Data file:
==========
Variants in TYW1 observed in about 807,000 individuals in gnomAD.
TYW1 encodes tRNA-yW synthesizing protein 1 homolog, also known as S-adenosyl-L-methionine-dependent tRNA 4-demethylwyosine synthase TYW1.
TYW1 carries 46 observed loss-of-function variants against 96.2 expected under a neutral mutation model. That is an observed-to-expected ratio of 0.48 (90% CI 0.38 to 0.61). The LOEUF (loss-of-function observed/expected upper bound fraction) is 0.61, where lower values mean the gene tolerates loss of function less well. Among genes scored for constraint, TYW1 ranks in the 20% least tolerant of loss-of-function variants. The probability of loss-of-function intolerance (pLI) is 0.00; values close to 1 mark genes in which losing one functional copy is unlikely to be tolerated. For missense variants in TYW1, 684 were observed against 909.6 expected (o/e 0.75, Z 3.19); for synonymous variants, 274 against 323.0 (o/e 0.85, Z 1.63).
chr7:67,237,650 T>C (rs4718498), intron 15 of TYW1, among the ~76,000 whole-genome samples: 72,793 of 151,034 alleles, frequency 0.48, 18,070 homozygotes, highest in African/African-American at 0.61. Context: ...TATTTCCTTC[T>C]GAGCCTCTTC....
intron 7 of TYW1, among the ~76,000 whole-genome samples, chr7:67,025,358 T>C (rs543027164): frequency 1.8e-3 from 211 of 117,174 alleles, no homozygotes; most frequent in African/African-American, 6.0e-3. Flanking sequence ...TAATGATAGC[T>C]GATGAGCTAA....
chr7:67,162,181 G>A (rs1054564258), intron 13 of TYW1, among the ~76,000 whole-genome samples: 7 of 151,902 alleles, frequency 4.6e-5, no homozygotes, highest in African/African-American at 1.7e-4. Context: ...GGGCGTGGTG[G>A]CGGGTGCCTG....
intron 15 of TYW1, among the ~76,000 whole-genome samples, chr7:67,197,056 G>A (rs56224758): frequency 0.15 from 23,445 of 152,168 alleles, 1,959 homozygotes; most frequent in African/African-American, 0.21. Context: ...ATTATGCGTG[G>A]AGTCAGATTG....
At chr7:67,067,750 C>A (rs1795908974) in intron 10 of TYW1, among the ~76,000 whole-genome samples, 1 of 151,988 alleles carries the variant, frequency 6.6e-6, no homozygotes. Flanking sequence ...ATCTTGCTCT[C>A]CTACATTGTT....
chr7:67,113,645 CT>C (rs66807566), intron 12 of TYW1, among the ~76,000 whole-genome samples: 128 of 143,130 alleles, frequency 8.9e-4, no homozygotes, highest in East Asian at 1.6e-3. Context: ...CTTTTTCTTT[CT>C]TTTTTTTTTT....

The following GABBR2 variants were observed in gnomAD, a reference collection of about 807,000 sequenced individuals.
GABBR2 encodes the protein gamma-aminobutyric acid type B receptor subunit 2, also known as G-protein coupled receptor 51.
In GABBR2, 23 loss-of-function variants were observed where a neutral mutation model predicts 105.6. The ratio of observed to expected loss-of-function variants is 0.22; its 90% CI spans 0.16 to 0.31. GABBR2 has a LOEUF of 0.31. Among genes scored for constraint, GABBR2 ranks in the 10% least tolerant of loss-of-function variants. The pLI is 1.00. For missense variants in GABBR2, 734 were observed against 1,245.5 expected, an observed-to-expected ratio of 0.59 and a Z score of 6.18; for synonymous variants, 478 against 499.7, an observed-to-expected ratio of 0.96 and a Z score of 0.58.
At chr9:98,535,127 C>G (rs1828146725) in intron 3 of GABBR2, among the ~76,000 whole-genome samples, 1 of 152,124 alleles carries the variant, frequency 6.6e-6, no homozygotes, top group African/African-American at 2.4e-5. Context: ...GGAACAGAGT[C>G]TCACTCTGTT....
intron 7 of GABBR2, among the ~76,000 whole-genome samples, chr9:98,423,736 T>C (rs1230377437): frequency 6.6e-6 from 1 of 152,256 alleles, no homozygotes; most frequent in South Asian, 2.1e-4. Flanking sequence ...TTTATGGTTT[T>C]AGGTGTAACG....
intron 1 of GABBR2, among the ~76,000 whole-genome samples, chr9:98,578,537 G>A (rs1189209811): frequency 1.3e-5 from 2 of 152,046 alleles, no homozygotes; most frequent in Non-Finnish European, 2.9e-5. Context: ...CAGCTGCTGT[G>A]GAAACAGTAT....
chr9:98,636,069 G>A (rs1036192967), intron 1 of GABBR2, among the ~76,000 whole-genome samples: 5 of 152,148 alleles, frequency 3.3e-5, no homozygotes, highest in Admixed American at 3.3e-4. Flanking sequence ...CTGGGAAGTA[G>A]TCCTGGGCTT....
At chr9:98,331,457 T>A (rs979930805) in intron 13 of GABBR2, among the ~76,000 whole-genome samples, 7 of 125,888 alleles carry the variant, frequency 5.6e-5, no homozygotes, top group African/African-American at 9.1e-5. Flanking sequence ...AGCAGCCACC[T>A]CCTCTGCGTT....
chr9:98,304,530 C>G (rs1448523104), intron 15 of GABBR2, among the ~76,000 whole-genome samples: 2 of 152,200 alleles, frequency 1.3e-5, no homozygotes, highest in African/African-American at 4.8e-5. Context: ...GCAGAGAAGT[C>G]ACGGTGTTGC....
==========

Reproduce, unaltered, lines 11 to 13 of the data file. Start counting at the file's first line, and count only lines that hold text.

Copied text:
GABBR2 encodes the protein gamma-aminobutyric acid type B receptor subunit 2, also known as G-protein coupled receptor 51.
In GABBR2, 23 loss-of-function variants were observed where a neutral mutation model predicts 105.6. The ratio of observed to expected loss-of-function variants is 0.22; its 90% CI spans 0.16 to 0.31. GABBR2 has a LOEUF of 0.31. Among genes scored for constraint, GABBR2 ranks in the 10% least tolerant of loss-of-function variants. The pLI is 1.00. For missense variants in GABBR2, 734 were observed against 1,245.5 expected, an observed-to-expected ratio of 0.59 and a Z score of 6.18; for synonymous variants, 478 against 499.7, an observed-to-expected ratio of 0.96 and a Z score of 0.58.
At chr9:98,535,127 C>G (rs1828146725) in intron 3 of GABBR2, among the ~76,000 whole-genome samples, 1 of 152,124 alleles carries the variant, frequency 6.6e-6, no homozygotes, top group African/African-American at 2.4e-5. Context: ...GGAACAGAGT[C>G]TCACTCTGTT....